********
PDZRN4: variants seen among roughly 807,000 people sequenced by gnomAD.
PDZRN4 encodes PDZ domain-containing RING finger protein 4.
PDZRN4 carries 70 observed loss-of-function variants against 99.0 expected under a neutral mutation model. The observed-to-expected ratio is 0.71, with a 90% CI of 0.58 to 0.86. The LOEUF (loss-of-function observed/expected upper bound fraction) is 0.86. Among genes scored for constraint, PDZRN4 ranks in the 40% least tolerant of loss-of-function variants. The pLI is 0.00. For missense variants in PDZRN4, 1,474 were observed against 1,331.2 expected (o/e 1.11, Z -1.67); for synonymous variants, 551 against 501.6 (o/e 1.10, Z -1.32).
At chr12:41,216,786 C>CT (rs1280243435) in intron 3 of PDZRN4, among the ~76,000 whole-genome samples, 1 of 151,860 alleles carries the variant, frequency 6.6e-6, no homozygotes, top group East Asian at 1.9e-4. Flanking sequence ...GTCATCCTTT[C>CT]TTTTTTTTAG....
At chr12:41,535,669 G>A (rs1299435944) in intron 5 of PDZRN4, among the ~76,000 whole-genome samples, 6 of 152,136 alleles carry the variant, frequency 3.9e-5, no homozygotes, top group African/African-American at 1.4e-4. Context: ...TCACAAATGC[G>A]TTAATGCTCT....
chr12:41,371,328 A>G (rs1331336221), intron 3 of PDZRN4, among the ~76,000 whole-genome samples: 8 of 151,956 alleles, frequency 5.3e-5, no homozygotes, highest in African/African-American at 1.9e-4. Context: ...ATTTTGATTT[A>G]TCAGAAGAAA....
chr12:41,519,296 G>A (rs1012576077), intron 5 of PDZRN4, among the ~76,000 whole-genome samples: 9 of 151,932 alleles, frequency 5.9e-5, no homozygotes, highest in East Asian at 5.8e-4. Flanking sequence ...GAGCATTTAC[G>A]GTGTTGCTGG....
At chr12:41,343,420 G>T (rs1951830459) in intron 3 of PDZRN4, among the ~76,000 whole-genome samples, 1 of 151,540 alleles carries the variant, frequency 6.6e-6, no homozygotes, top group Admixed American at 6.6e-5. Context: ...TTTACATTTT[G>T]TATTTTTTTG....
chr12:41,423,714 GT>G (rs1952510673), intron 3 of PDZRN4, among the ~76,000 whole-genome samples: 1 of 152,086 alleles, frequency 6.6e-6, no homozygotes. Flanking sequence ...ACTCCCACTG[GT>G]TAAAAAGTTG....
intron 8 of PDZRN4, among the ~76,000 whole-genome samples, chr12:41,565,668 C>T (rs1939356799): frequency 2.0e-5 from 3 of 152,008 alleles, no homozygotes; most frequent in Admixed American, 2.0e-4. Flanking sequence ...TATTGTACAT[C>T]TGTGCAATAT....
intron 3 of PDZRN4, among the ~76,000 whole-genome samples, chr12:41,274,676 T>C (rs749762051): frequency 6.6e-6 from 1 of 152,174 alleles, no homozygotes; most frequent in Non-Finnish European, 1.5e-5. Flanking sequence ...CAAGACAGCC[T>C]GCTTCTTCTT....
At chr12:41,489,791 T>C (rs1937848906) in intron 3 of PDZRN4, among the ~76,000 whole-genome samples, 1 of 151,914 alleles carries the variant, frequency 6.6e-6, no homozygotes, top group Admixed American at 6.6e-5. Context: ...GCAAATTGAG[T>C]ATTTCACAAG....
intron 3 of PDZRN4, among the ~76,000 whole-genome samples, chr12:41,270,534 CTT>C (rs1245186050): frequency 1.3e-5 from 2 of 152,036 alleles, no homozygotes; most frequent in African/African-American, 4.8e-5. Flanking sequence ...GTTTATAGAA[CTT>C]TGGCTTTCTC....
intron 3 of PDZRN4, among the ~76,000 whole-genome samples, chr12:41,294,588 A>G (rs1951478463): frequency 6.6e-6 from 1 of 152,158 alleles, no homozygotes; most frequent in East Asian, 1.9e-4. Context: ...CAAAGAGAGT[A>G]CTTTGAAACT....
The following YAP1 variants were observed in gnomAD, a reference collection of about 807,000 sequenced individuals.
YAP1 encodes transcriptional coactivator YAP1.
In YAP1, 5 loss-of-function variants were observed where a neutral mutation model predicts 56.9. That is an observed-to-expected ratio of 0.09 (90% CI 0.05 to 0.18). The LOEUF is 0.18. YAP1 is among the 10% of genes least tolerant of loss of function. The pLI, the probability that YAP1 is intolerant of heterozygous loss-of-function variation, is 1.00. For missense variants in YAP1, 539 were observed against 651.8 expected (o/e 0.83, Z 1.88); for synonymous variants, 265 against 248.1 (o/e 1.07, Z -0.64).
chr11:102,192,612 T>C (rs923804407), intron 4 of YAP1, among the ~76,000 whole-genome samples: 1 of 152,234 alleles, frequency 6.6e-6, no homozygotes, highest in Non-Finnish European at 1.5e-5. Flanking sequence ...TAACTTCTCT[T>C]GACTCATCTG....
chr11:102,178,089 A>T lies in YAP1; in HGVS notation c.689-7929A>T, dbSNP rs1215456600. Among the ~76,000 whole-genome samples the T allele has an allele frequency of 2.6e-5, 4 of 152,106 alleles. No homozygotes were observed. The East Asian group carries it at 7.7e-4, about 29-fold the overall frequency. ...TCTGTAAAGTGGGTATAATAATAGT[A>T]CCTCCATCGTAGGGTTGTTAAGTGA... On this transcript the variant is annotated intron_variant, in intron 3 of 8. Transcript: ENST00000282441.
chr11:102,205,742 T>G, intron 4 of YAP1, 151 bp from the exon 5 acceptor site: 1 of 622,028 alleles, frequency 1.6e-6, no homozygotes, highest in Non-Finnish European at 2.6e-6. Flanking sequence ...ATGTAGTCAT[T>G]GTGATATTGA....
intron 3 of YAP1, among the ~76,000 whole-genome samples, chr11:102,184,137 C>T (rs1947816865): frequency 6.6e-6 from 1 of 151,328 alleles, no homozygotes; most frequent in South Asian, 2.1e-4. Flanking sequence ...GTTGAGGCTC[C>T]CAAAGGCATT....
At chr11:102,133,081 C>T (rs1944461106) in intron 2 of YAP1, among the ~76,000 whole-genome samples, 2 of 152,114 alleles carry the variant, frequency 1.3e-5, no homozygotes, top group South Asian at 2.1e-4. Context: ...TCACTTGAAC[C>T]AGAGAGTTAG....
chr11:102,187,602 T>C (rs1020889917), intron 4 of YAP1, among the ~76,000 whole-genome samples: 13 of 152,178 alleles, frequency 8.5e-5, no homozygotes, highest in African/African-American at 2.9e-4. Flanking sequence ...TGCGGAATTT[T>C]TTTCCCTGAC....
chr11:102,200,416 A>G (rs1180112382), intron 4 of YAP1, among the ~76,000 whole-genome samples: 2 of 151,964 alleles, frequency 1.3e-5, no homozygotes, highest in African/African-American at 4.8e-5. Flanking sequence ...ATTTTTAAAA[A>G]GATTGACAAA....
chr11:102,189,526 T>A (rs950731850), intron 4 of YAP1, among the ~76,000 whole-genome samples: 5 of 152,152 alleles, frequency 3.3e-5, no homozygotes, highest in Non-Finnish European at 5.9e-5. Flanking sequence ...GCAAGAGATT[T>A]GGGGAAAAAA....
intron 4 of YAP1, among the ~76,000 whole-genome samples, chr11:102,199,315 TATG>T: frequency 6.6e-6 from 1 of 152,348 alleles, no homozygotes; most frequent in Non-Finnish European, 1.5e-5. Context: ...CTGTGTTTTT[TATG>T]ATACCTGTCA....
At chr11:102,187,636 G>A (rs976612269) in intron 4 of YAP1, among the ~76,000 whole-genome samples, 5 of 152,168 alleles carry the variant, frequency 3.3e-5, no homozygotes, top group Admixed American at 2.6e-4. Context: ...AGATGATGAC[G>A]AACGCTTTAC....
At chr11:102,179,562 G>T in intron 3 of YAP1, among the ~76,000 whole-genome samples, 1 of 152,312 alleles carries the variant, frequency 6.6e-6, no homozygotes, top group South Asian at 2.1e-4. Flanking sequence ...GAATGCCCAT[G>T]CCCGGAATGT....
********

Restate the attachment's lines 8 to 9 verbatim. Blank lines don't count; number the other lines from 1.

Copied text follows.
At chr12:41,343,420 G>T (rs1951830459) in intron 3 of PDZRN4, among the ~76,000 whole-genome samples, 1 of 151,540 alleles carries the variant, frequency 6.6e-6, no homozygotes, top group Admixed American at 6.6e-5. Context: ...TTTACATTTT[G>T]TATTTTTTTG....
chr12:41,423,714 GT>G (rs1952510673), intron 3 of PDZRN4, among the ~76,000 whole-genome samples: 1 of 152,086 alleles, frequency 6.6e-6, no homozygotes. Flanking sequence ...ACTCCCACTG[GT>G]TAAAAAGTTG....